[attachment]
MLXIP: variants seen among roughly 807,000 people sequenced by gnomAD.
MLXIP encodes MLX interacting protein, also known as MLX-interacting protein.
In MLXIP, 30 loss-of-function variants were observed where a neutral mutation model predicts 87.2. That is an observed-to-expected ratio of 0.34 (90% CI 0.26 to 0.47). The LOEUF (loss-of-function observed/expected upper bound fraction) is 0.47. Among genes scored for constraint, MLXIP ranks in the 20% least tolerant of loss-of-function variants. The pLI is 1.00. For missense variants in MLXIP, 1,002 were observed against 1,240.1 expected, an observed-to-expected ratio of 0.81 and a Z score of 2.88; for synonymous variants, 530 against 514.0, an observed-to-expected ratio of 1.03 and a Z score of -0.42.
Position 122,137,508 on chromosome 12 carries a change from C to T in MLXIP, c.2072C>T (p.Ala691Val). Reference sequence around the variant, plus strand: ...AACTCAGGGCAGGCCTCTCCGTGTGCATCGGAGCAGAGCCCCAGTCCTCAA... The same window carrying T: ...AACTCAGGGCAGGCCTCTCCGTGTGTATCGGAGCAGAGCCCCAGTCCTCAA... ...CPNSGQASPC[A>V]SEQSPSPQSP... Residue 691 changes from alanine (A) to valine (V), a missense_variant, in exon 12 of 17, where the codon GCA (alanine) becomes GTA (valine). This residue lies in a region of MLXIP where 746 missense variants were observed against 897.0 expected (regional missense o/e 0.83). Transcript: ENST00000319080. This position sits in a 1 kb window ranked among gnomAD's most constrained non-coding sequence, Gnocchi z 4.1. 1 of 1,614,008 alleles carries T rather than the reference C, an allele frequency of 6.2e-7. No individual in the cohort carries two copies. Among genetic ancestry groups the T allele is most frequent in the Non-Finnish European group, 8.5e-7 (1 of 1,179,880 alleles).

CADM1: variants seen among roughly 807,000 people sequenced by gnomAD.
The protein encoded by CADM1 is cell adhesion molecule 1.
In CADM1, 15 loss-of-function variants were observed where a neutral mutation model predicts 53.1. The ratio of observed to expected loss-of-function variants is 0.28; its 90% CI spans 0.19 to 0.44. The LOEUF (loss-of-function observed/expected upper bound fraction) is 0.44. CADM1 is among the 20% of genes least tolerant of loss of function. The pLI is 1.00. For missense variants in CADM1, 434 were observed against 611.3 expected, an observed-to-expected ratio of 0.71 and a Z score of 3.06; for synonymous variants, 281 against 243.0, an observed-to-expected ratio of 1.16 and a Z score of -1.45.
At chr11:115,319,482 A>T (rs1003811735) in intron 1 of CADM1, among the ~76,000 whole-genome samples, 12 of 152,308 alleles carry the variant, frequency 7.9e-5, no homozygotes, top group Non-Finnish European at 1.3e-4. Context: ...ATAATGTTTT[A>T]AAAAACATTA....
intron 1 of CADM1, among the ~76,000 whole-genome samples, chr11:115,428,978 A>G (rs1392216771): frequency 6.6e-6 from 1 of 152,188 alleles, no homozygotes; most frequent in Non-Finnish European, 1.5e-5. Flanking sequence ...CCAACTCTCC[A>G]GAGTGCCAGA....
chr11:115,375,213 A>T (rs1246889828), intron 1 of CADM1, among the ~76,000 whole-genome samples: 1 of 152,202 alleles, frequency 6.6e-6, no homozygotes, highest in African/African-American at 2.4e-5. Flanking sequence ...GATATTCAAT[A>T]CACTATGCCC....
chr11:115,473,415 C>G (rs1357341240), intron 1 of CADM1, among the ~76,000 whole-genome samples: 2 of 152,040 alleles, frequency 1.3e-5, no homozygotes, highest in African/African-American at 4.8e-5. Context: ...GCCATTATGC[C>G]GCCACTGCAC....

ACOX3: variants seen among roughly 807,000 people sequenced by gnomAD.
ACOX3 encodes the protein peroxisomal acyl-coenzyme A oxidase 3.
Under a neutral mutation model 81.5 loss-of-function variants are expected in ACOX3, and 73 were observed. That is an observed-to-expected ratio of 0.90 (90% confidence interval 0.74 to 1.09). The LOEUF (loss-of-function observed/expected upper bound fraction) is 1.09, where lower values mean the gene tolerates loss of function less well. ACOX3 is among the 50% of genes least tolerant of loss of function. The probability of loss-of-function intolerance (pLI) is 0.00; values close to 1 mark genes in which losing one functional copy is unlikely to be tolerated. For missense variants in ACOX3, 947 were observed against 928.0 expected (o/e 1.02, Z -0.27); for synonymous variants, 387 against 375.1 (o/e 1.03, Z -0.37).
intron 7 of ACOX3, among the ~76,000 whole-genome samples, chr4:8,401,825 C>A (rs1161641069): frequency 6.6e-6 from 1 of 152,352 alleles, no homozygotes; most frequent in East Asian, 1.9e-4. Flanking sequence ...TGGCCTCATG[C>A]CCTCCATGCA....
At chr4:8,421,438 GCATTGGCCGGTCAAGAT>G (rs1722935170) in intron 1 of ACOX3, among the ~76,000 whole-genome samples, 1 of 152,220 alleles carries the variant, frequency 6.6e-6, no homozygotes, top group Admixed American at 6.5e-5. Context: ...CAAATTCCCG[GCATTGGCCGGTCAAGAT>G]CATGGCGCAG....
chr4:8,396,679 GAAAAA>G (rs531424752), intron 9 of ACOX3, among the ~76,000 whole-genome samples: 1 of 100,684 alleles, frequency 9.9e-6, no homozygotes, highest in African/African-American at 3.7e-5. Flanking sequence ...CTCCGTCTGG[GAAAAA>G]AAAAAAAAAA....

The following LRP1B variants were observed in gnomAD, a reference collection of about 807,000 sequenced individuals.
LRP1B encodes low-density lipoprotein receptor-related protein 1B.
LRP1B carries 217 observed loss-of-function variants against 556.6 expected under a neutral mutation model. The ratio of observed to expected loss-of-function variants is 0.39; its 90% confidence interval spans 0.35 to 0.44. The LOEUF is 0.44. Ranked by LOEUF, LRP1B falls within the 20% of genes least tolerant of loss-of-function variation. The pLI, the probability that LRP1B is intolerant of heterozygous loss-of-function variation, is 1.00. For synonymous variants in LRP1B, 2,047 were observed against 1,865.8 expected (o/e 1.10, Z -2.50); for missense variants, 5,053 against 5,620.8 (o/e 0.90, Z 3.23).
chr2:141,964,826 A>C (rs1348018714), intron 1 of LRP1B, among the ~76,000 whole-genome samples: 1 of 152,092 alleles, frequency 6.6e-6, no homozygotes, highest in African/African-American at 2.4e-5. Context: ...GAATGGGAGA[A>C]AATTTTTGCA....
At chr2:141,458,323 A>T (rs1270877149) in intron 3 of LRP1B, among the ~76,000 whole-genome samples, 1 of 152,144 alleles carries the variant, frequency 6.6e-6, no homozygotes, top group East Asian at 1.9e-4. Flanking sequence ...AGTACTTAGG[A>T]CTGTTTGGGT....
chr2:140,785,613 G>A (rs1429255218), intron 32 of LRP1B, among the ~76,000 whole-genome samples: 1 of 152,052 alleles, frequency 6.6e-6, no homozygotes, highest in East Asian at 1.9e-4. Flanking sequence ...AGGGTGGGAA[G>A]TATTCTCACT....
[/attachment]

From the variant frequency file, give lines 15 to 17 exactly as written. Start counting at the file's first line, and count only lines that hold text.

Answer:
intron 7 of ACOX3, among the ~76,000 whole-genome samples, chr4:8,401,825 C>A (rs1161641069): frequency 6.6e-6 from 1 of 152,352 alleles, no homozygotes; most frequent in East Asian, 1.9e-4. Flanking sequence ...TGGCCTCATG[C>A]CCTCCATGCA....
At chr4:8,421,438 GCATTGGCCGGTCAAGAT>G (rs1722935170) in intron 1 of ACOX3, among the ~76,000 whole-genome samples, 1 of 152,220 alleles carries the variant, frequency 6.6e-6, no homozygotes, top group Admixed American at 6.5e-5. Context: ...CAAATTCCCG[GCATTGGCCGGTCAAGAT>G]CATGGCGCAG....
chr4:8,396,679 GAAAAA>G (rs531424752), intron 9 of ACOX3, among the ~76,000 whole-genome samples: 1 of 100,684 alleles, frequency 9.9e-6, no homozygotes, highest in African/African-American at 3.7e-5. Flanking sequence ...CTCCGTCTGG[GAAAAA>G]AAAAAAAAAA....